Becoming Kleopatra: Ptolemaic Royal Marriage, Incest, and the Path to Female Rule
Sewell-Lasater, Tara LaVonne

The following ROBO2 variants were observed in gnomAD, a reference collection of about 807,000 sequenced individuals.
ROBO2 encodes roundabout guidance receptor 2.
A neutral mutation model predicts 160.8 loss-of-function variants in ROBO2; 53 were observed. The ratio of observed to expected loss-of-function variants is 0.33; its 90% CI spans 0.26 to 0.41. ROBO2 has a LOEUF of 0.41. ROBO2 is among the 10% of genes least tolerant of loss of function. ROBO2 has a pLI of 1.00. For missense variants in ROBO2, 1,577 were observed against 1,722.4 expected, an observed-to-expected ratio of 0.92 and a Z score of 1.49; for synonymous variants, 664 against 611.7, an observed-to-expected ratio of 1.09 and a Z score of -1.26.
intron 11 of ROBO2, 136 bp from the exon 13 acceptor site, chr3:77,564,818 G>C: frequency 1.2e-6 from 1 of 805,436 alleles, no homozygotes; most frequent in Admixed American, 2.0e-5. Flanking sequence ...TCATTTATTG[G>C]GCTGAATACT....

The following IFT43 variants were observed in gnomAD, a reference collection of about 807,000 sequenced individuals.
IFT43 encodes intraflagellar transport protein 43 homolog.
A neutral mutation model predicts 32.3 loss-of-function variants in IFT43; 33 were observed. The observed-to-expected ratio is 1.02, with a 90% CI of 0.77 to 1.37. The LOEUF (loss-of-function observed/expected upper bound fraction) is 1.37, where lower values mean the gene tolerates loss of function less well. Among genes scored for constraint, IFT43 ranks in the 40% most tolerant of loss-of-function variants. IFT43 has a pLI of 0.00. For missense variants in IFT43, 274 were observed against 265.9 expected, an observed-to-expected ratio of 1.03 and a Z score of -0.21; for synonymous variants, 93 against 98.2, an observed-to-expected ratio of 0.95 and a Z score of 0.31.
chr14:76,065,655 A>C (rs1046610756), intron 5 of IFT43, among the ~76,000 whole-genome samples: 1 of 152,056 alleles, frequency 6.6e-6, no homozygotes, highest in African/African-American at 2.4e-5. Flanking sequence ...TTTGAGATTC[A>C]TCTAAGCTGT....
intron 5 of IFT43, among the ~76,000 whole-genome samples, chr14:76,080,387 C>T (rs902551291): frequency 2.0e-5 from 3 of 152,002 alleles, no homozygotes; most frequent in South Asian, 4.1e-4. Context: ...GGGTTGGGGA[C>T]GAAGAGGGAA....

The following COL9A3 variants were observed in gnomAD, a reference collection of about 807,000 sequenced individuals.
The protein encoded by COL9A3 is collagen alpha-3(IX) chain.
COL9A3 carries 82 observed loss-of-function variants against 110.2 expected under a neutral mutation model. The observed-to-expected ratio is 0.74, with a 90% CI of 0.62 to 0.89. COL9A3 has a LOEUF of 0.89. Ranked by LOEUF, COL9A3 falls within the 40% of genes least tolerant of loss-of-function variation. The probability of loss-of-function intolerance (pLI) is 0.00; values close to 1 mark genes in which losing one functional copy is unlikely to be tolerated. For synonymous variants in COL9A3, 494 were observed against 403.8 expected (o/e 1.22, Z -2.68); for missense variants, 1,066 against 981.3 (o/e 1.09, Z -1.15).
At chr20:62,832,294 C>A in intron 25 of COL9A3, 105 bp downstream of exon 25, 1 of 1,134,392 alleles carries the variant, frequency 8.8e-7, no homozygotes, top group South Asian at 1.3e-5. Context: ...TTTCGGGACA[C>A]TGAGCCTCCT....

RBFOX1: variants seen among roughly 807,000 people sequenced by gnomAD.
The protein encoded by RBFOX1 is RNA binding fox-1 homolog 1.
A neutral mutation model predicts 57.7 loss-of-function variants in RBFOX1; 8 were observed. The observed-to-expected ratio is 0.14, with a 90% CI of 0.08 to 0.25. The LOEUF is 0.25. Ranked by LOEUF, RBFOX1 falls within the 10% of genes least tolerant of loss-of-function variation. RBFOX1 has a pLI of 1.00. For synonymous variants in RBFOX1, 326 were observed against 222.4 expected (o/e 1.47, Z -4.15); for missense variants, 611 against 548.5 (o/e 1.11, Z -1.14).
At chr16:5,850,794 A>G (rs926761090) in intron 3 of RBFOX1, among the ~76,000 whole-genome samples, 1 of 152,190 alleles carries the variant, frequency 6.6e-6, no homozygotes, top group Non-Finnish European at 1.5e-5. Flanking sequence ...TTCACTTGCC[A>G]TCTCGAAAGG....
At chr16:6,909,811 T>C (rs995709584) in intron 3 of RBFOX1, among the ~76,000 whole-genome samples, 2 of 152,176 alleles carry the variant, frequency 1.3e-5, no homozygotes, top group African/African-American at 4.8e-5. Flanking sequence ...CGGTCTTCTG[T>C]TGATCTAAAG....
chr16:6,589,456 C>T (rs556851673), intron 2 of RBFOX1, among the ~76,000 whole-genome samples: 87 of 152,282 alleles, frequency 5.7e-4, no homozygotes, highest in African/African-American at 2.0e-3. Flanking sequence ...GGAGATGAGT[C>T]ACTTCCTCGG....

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This dissertation provides the first overarching and comparative study of Hellenistic Egyptian queens, from the origins of the dynasty to the final ruler, Kleopatra VII. It explores the ways in which the Ptolemies developed a practice of royal incest, which was supplemented by the institution of a dynastic cult, during the reigns of the first three pharaohs of the dynasty. Their consorts and the later queens of the dynasty, who have been largely overlooked in the history of the Hellenistic world, used their position as one half of the deified, ruling couple to gain increasing access to power, culminating in several instances of co-rule, regency, and female sole-rule, the most notable being Kleopatra VII. While the pharaohs of the dynasty have been comprehensively studied, the queens are neglected and relegated to the academic trope of the “powerless woman,” one which this study disproves by verifying that these queens did, in fact, act with ruling interests. This dissertation overturns the antiquated interpretations of these queens, which characterized them as either good (obedient/docile) or bad (ambitious/conniving), that have persisted into modern scholarship, much to the detriment of both the legacies of these women and ancient history in general. Overall, this dissertation will provide both a rehabilitation of the reputations of these queens and the first informed and comprehensive overview of their ability to gain and wield public power. It will, ideally, also provide a methodology for similar studies that could be conducted on royal women elsewhere in the ancient world.